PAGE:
1. Watching my kids become adults.

I’ve been teaching them and preparing them for this moment for a lot of years, and now it’s here. For all their lives, Mom and Dad have been there when everything went pear-shaped. And while I guess we’re still here as a safety net (The Boy got his first speeding ticket and guess who he called for help dealing with it?), it’s on them. The lessons have been taught, now to see if they’ve been learned. And I get little thrills of joy, like when my brother reported he called The Boy, who was doing his laundry. Or watching The Girl decide that while the $525 Coco Chanel eyeglass frames were tres chic, she might be better off buying the Ray-Bans frames that were $80 after insurance. Yes, folks, they can be taught!

I’m sure there will be times when all that silence will be heavy and I’ll miss listening having my kids around. But for the time being, I’m just going to kick back and enjoy my morning tea in peace.

Readers, what’s a recent change you find yourself enjoying, maybe more than you expected to?


Liz Milliron is the author of The Laurel Highlands Mysteries series, set in the scenic Laurel Highlands of Southwestern Pennsylvania, and The Home Front Mysteries, set in Buffalo, NY during the early years of World War II. She is a member of Sisters in Crime, Pennwriters, and International Thriller Writers. Soon to be an empty-nester, Liz lives outside Pittsburgh with her husband, two children, and a retired-racer greyhound.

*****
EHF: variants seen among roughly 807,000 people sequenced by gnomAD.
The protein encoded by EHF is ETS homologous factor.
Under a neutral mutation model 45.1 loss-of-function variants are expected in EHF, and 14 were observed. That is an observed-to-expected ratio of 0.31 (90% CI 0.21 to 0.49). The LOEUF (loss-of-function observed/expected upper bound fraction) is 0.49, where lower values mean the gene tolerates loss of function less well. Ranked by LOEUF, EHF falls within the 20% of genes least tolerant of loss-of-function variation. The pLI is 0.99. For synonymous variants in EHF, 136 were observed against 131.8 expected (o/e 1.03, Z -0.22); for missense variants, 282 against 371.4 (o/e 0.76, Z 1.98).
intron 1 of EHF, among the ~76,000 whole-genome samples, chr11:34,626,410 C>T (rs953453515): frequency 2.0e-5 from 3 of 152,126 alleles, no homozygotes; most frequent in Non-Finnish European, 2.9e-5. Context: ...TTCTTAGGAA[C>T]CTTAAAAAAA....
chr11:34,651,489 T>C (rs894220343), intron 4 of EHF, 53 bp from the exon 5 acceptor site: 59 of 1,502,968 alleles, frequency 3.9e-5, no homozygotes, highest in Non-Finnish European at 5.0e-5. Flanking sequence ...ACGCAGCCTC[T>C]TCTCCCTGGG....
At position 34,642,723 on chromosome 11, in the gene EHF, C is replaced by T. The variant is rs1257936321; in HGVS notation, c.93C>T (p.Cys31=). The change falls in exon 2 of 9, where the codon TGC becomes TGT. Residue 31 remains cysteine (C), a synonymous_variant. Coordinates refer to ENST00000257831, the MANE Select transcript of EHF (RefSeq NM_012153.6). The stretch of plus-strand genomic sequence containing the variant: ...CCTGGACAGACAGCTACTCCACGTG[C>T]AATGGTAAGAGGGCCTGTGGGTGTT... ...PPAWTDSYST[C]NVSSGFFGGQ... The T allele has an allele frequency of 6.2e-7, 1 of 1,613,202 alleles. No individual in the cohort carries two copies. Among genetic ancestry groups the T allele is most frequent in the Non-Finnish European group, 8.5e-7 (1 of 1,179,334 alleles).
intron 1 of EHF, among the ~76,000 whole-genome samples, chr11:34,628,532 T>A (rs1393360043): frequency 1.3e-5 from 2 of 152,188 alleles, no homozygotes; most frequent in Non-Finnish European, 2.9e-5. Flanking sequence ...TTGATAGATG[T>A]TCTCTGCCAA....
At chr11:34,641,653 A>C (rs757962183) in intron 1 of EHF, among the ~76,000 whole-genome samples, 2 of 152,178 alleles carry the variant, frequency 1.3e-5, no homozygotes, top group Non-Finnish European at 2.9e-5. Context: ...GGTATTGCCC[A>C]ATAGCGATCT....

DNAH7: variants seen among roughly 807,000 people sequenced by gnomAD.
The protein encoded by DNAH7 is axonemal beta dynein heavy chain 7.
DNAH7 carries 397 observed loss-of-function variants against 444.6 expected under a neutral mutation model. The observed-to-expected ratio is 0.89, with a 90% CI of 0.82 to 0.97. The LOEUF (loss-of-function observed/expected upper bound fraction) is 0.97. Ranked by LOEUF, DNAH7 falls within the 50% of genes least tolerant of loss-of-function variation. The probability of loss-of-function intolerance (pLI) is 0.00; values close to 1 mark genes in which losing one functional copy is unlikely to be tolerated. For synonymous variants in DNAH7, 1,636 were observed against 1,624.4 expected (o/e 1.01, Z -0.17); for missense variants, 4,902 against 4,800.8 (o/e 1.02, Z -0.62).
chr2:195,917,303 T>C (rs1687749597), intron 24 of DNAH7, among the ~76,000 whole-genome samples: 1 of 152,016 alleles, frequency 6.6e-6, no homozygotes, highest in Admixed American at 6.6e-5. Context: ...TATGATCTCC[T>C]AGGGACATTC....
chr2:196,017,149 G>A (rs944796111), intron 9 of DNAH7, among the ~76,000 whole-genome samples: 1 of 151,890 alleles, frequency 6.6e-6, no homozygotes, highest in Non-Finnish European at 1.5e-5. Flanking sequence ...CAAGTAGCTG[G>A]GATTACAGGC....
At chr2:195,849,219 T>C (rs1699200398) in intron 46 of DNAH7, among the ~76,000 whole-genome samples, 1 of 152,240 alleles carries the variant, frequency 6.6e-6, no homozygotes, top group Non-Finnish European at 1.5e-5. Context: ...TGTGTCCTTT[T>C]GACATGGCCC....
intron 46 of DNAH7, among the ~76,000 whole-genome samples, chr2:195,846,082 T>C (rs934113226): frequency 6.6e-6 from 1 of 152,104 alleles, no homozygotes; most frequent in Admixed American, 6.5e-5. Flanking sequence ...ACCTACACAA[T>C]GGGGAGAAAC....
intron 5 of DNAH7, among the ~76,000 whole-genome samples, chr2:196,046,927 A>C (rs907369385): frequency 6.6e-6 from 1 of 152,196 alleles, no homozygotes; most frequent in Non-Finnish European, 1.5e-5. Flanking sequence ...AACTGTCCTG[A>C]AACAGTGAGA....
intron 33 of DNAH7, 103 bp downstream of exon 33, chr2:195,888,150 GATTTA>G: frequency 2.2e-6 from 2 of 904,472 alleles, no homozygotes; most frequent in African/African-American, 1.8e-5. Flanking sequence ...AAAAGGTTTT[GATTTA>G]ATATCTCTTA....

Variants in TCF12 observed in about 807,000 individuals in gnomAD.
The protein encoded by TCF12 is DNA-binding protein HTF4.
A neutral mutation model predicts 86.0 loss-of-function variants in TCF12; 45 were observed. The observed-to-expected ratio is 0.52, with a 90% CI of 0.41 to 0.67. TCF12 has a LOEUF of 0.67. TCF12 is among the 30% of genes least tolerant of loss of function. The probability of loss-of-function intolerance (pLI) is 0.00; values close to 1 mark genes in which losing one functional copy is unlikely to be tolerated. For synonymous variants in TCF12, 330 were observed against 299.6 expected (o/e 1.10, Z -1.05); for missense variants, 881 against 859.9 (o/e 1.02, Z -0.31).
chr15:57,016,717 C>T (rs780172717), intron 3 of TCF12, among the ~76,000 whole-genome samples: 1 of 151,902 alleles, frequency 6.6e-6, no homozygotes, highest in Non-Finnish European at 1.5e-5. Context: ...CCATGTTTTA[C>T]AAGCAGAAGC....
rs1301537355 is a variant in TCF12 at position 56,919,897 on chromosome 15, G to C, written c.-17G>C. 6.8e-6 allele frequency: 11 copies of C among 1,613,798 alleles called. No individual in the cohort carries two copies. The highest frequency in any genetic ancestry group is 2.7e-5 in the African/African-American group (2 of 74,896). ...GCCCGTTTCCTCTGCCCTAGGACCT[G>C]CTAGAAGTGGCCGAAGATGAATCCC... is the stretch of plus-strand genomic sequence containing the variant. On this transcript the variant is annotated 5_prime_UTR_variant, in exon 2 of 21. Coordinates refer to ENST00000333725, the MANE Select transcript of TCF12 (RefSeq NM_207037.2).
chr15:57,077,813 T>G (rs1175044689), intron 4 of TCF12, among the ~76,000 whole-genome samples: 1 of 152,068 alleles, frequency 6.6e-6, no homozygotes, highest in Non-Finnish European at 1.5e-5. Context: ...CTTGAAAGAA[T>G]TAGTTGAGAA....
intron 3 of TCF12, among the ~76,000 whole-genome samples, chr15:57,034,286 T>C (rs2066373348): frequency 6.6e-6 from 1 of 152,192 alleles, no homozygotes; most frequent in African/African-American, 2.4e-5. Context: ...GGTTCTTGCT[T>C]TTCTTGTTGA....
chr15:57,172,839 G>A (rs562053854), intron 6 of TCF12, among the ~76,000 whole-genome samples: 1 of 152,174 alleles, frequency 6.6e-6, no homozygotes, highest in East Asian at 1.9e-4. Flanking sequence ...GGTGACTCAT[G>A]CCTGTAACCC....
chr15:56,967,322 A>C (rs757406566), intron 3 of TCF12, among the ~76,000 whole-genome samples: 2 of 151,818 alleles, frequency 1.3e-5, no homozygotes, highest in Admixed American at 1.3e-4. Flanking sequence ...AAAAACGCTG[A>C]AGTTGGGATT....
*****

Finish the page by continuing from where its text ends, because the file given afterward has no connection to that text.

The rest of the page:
http://lizmilliron.com

About Broken Trust: When Pennsylvania State Trooper Jim Duncan responds to a murder scene at a local mining company, the call hits close to home. The victim, Lonnie Butler, is a friend and neighbor who was just beginning to get back on his feet after a year of financial difficulties. Despite entertaining out-of-town family, Jim vows to stay involved in the case.

Meanwhile, Fayette County assistant public defender Sally Castle faces an ethical dilemma. Her newest client, Ethan Haverton, may be deeply involved in Lonnie’s homicide. Technically, Sally could break privilege, but she chooses not to, a decision that put her at odds with Jim.

As the investigation continues, the rift in Jim and Sally’s friendship deepens. Can the battling couple patch the break and bring the killer to justice – or will their discord allow a friend’s killer to go free?

43 thoughts on “Guest Chick: Liz Milliron

  1. I love reading Chicks on the Case because the blog introduces me to new series. Liz, rest assured that I will be clicking the ol’ Amazon button right after I finish this. Can’t believe I don’t already know Jim & Sally…and you!